In this case, calculating 7 days would require using the following formula:

`=WORKDAY.INTL(A2,7,6,E2:E3)`

The 6 in the formula's third argument is the weekend code for setting Thursdays and Fridays as weekends (see table at the top), and the E2:E3 range contains the 2 dates that we want to be counted as holidays.

Notice how using this formula changes the output to January 7 (i.e., 13 days after December 25).

This is because even though the formula is still counting 7 working days, there are 4 weekend days between December 25 and January 7: December 27 and January 3 (Thursdays), December 28, and January 4 (Fridays). Plus, there are 2 holidays: December 31 and January 1. Out of the total 13 days, 6 days are off days, which leaves us with 7 working days.

Pretty cool, isn't it? But… what if your CEO is really in a mood one day and decides to give Wednesdays and Saturdays off? Well, let's remedy that.

### Example 3 – Binary Text String for Custom Weekends in WORKDAY.INTL Function

What makes the WORKDAY.INTL function even more powerful is that it allows you to create a custom work week where you can choose any number of days as weekends, regardless of whether they are consecutive or not.

For instance, let's continue using the data from previous examples (without adding any holidays) and see how the output changes if we set Wednesdays and Saturdays as weekends. We'll construct the formula pretty much the same except for the *[weekend]* argument, where we'll use a binary text string, like so:

`=WORKDAY.INTL(A2,7,"0010010")`

This time around, the output changes to January 4. Well, there are 10 days in total between December 25 and January 4. However, there are two Wednesdays (December 26 and January 2) and 1 Saturday (December 29). Taking these three days out of 10 days gives us … you guessed it — 7 working days!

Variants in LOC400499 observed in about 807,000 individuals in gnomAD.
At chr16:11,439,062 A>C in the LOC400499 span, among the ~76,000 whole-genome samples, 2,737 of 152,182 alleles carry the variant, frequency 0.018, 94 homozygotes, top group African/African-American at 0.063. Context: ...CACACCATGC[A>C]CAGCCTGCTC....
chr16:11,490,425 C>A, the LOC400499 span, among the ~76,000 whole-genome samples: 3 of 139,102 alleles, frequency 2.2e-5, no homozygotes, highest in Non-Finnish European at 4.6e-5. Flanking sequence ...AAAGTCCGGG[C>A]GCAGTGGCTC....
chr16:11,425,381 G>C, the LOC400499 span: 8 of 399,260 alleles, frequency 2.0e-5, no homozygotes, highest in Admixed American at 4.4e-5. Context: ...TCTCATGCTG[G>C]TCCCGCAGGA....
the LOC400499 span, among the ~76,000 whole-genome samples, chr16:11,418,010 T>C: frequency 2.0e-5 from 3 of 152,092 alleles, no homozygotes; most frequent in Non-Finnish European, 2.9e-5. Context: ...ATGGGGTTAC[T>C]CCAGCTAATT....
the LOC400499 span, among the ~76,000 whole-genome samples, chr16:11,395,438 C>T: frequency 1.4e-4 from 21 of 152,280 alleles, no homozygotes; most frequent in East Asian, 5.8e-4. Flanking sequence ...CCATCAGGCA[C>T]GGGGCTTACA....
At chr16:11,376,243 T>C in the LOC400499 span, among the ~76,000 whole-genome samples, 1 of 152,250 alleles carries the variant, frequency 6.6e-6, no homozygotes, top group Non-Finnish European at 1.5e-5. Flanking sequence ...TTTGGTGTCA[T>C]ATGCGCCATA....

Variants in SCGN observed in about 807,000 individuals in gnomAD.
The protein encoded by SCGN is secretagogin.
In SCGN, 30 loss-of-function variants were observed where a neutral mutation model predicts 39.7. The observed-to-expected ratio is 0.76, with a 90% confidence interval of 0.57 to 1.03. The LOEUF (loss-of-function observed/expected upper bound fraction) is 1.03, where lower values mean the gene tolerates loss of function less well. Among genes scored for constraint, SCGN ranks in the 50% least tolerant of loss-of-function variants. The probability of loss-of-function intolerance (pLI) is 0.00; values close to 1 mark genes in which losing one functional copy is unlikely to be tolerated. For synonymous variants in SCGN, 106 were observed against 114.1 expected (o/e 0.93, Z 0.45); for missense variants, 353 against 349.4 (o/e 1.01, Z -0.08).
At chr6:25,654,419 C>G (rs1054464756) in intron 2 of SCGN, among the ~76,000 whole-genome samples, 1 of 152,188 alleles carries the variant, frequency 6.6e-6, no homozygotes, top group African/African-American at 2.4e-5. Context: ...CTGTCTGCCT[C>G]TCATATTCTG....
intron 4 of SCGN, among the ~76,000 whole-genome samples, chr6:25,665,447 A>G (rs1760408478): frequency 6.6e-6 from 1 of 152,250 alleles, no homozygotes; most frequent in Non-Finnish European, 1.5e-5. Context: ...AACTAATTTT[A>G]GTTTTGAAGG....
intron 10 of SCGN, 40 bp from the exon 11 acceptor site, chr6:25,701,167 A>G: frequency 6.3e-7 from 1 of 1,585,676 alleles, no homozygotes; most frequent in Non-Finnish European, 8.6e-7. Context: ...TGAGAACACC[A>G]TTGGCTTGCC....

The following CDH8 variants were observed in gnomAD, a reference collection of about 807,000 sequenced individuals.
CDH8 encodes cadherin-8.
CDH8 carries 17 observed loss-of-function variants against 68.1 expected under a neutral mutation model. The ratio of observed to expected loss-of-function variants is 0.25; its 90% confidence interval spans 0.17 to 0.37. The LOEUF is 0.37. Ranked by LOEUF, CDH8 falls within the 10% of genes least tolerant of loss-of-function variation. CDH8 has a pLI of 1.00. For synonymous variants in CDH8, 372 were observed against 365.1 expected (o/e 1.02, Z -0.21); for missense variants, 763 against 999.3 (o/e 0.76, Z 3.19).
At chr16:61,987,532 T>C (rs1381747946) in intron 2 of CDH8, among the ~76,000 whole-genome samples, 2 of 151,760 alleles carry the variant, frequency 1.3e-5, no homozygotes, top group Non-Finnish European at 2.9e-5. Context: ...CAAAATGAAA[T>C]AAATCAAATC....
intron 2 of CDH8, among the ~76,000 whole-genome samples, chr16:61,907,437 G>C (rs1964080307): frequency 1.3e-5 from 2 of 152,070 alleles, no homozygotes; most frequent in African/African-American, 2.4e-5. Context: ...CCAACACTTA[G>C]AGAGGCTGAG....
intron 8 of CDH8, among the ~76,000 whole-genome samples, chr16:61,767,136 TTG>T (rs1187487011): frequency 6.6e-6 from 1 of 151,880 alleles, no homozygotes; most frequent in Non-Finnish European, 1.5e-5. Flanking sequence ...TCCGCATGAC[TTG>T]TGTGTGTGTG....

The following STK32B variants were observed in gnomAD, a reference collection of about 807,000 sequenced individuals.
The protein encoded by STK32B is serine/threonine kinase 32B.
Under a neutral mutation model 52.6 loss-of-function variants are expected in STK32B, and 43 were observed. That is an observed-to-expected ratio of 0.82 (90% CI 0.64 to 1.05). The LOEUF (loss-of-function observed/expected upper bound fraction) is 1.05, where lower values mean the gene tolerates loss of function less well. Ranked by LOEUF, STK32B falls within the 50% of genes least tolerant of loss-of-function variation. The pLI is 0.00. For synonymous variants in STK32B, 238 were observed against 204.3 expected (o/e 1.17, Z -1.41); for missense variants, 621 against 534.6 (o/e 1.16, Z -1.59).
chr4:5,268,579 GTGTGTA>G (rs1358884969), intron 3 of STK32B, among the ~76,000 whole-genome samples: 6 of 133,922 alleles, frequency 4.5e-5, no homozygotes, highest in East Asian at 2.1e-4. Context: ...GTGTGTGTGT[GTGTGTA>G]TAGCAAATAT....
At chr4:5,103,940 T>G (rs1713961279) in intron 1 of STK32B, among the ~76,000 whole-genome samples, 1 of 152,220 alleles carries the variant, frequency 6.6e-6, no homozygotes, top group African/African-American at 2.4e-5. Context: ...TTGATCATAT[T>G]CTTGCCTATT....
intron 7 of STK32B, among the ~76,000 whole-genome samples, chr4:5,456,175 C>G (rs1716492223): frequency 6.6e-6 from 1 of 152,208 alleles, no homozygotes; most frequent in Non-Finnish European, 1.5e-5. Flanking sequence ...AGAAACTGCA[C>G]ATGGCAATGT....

### Example 4 – Acceptable Inputs for *[holidays]* Argument

The *[holidays]* argument requires information about the dates that are to be considered as holidays. However, if your calculation only has a few holidays in the timeframe, you may not want to go through the hassle of creating a separate column and listing out the holidays.

Fortunately, there is a simpler way to accomplish this. The *[holidays]* argument also accepts validly formatted text string dates or serial numbers. For instance, if we want to instruct Excel to treat December 31 and January 1 as holidays, we could use either of the following formulas:

`=WORKDAY.INTL(A2,7,6,{"12/31/2001","01/01/2002"})`

OR

`=WORKDAY.INTL(A3,7,6,{37256,37257})`

Using either of these formulas will return the same output as the previous example (i.e., January 7). This is because we haven't changed anything except for the method of supplying the information to the *[holidays]* argument.

**Note: **Excel internally stores dates as serial numbers. There is no magical formula that Excel uses to assign serial numbers to dates, though. The serial numbers are assigned such that January 1, 1900 is considered as 1, and thereafter the numbers increment with each day. Based on the same logic, Dec 31, 2001, corresponds to 37,256 because it is 37,255 days after January 1, 1900.

Recommended Reading – Excel NETWORKDAYS.INTL Function

## WORKDAY Function vs WORKDAY.INTL Function

The WORKDAY function has all the arguments that the WORKDAY.INTL function has, except for the *[weekend]* argument. For this reason, WORKDAY.INTL is a more robust version of the relatively simpler WORKDAY function.

As is obvious, the WORKDAY.INTL function's primary value comes from its ability to set custom weekends. Regardless of what weekend structure you want to use, you'll be able to customize it in the formula and calculate the number of working days into the future or the past.

That brings our WORKDAY.INTL saga to an end. Hopefully, this tutorial will help you gain an edge over your colleagues as you run financial simulations or prepare efficient spreadsheets and get you noticed by the boss. While you keep your Excel thinking hat on, we'll pull some more tutorials out of the bag. When you've mastered the WORKDAY.INTL function, you know where to find us.